Hands are now making
Who knows, oh Tommy Atkins
As you throw that hand grenade
Perhaps it's one of many
That your wife or sweetheart made


It being in the best interests of pioneers, however, to look for the sweet side of life when they could, they did this, and the business agents of Anchorage took the lead. As Christmas approached and citizens prepared, the business community offered sales and prizes, enticed consumers with the scents of a delicious meal and sought to entertain. Following are images in the days just before Christmas 1916, as Anchoragites looked forward to a joyful Christmas and the end of the war. 




At top can be seen "Loussac's Daily Gossip," the name coming from Zachariah J. Loussac, a Russian Jew who had fled Czarist Russia, settling in Anchorage after first staying in several other Alaska towns. Loussac later served two terms as mayor and the city's library was named for him. Below is an ad extolling the virtues of Kodaks--photography was still relatively new at this time--ranging in price from $3.00 to $67.50, a Conklin fountain pen, Victrolas and "some" toys (possibly the first of items to sell out). Perhaps the adman saved best for last: Many Alaskans would own a book of poems by Robert Service.






THE STYLE SHOP ~~ COURTESY AND QUALITY OUR MOTTO

"Colonial women were as eager for silk underwear as any of the spoiled ladies of the French Court. They prized it enough to bequeath it in their wills. What did they have in Silk Underwear? Practically everything that we have. Vests, Bloomers, Corset-Covers, Nightdresses, Envelope Chemise, Petticoats, Hosiery, Negligee and Boudoir Caps. Pink was the prevailing color for them, so it is for us today, and the ladies of Anchorage appreciate the good things as well as the ladies of the Court days. So what is more befitting that you should give my lady at Xmas time than some silk underwear? Our sweaters are the best to be had. Some have caps to match. Purses, vanity cases and fancywork boxes, also children's purses. Rich novelty ribbons for fancy wear. A full  line of art needle work. Beautiful silk and wool dress patterns. A new shipment of gents' ties just received. All suits and millinery greatly reduced. Come and see for yourself."



As can be evidenced by the origins and names of those settling in Anchorage, diversity was a draw from the beginning. Athans & Pappadopolos, above, is one example. (Today over 90 languages are spoken in Anchorage alone.) It is unclear if women in a billiards advert (middle column) was considered unusual or racy, as it would have been back East, but it is so that women advanced in Anchorage (and Alaska in general) faster than their counterparts in the United States. By this time women already were part of universal suffrage in Alaska, the change coming as the Territorial Legislature's first act, the body of which acknowledged that women had proven their strength and support in the development of Alaska--no small feat given the monumental difficulties of life on this frontier.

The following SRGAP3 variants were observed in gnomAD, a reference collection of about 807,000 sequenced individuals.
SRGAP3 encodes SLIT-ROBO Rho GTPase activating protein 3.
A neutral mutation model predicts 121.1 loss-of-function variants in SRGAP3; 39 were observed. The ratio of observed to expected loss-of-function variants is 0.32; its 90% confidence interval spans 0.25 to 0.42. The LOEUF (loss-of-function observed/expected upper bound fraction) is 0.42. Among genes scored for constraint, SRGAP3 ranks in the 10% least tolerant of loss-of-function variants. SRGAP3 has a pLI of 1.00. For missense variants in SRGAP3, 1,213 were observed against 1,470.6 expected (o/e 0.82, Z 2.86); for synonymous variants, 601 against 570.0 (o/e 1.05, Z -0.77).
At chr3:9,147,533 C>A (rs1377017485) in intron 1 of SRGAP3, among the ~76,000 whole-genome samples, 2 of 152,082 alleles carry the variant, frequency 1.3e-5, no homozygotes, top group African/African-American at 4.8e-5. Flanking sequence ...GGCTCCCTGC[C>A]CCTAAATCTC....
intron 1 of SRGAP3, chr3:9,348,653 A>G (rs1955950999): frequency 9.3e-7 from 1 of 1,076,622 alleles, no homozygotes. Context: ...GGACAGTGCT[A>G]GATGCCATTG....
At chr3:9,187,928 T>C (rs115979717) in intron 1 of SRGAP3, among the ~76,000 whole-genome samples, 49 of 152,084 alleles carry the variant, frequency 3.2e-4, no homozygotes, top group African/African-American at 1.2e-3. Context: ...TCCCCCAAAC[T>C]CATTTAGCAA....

The Harmony Theatre as well as the Empress advertised heavily in the Anchorage Daily Times, with a pleasant array of titles for cinema-goers: "The Factory Magdalan," "Queenie of the Nile," "The Vengeance of Wu Fang," and "Key to Yesterday" were but some of the films offered at Harmony.

Empress drew movie buffs with the likes of "The Crucible," "Best of Enemies," "Cross Currents" and  "The Sign of the Cross."

The two theaters wore their pride in advertising when announcing smashed attendance records. In this particular ad: "Sapho" and late war news from France drew over 1,000 viewers to three shows. Aside from the war news, people were likely very pleased to be entertained after long, cold work days.







The Empress scored a coup, as we say today, by bagging a copy of "Civilization," "the picture that amazed, staggered and astounded New York, Chicago, Boston, Philadelphia and other large cities. Acclaimed by press and public to be the most gigantic and thrilling masterpiece of cinema history." Empress goes out of its way to communicate the large cost of securing this film. Indeed, even with trains now running goods to and from Seattle and imports coming the rest of the way by boat, everything then, as today, was much more costly.  









As with others, the language of this advert running two days before Christmas absolutely charmed this amateur historian. While fruits and vegetables such as green peppers, cucumbers, cranberries and pomegranates are common in present-day 'muni markets (though still expensive or, "spendy," as they say in Anchorage), in wartime 1916 they could be hard to come by and themselves a source of celebration. Canned or tinned fruit was popular and fashionable, and some grocers enticed shoppers with boasts of stocking Del Monte and Libby brands.


December 23, 1916: